More cast vote against prison than for mayor

Mayor Dan Ashton needs to be reminded that only 3,124 voters gave him his current mandate

At the June 20 council meeting following the referendum defeat of the prison proposal, Mayor Dan Ashton lamented that a small number of “no” voters had dismissed a unique opportunity that might have transpired for Penticton.

A total of 4,302 voters had rejected the presence of a remand centre/jail in their community. The BC Liberals effectively asked us if we wanted a prison. After careful consideration at our referendum and several other public venues, the citizens of Penticton said no. Why can’t Mr. Ashton accept that and move on?

Given the extremely narrow margin by which Dan Ashton was re-elected as mayor of Penticton, one expected a more statesmanlike inaugural speech from him at the first meeting of the new council on Dec. 5.

But no, he insisted on taking another jab at those who rejected the prison. Mayor Dan Ashton needs to be reminded that only 3,124 voters gave him his current mandate. The number of voters who said no to a prison far outweighed those who chose Dan Ashton as their mayor, yet that new “low” number of votes in his favour is now seemingly unimportant to him.

Of course, economic strategy ideas may be advanced by individual anti-prison citizens, as Mayor Ashton invited in his speech. But let’s not forget that under Mr. Ashton’s aegis, millions have been awarded to the Chamber of Commerce over the past three years for the delivery of economic development and tourism services.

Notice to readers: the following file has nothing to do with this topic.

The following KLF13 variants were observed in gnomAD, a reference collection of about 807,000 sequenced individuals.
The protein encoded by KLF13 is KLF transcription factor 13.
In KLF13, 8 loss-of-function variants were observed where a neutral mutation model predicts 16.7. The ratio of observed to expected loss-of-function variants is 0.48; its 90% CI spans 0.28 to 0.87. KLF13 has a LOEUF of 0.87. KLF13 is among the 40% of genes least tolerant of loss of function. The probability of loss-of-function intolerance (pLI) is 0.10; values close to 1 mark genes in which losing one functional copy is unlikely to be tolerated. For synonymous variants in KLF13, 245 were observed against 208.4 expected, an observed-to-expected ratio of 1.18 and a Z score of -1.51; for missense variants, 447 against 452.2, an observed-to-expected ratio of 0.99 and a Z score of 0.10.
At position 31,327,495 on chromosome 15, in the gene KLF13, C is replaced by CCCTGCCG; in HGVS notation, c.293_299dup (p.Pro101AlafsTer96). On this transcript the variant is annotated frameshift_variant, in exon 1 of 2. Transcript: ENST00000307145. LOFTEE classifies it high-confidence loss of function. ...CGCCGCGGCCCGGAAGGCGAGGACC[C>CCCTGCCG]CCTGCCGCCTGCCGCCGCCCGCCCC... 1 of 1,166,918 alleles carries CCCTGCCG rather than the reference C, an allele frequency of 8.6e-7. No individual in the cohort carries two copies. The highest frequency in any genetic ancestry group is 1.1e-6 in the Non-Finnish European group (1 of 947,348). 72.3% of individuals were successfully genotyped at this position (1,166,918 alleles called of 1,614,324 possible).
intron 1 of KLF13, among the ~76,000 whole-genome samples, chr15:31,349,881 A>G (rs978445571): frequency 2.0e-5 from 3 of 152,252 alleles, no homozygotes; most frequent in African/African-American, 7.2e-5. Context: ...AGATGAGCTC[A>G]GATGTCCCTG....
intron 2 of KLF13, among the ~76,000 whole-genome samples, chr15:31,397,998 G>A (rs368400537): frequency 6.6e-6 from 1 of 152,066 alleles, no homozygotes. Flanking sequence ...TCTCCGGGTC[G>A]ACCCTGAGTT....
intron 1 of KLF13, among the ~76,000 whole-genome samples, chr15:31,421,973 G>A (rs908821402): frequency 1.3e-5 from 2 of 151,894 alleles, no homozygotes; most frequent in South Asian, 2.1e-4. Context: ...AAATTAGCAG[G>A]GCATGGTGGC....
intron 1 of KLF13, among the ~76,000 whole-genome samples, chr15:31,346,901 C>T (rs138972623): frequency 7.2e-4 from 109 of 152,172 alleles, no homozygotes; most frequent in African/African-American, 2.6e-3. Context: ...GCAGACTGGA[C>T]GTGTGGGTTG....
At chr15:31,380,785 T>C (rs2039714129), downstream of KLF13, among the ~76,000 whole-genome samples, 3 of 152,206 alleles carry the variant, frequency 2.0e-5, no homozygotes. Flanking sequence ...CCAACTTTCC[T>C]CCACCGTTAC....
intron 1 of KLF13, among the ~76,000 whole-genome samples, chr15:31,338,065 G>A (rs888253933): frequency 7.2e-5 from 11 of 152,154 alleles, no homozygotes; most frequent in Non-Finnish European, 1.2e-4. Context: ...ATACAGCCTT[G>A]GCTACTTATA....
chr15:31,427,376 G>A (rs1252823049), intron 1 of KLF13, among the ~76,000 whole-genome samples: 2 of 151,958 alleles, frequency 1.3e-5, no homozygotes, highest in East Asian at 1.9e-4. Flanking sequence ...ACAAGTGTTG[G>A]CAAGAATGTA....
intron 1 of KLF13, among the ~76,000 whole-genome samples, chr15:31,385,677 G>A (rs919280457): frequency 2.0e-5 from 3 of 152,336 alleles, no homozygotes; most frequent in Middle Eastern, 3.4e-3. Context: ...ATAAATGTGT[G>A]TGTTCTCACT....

Where was the accountability and transparency around those contracts, which were funded by Penticton taxpayers? Economic development is the job of elected officials and staff, contracted or otherwise, and residents have a right to expect better than a prison as the biggest idea to emerge from that particular “think tank”, especially when public dollars are footing the bill.

Taunting those who did not agree with his stance on the prison was a poor start for a mayor with a significantly weakened mandate. Dan Ashton’s job is to foster the public interest and the communal well-being of Penticton residents (and those in the RDOS should he be re-elected as its chair). It is not to be the local agent for delivering a prison agenda for the BC Liberals or any other political party, to the detriment of a more positive economic and social future in Penticton and our region.

Loraine Stephanson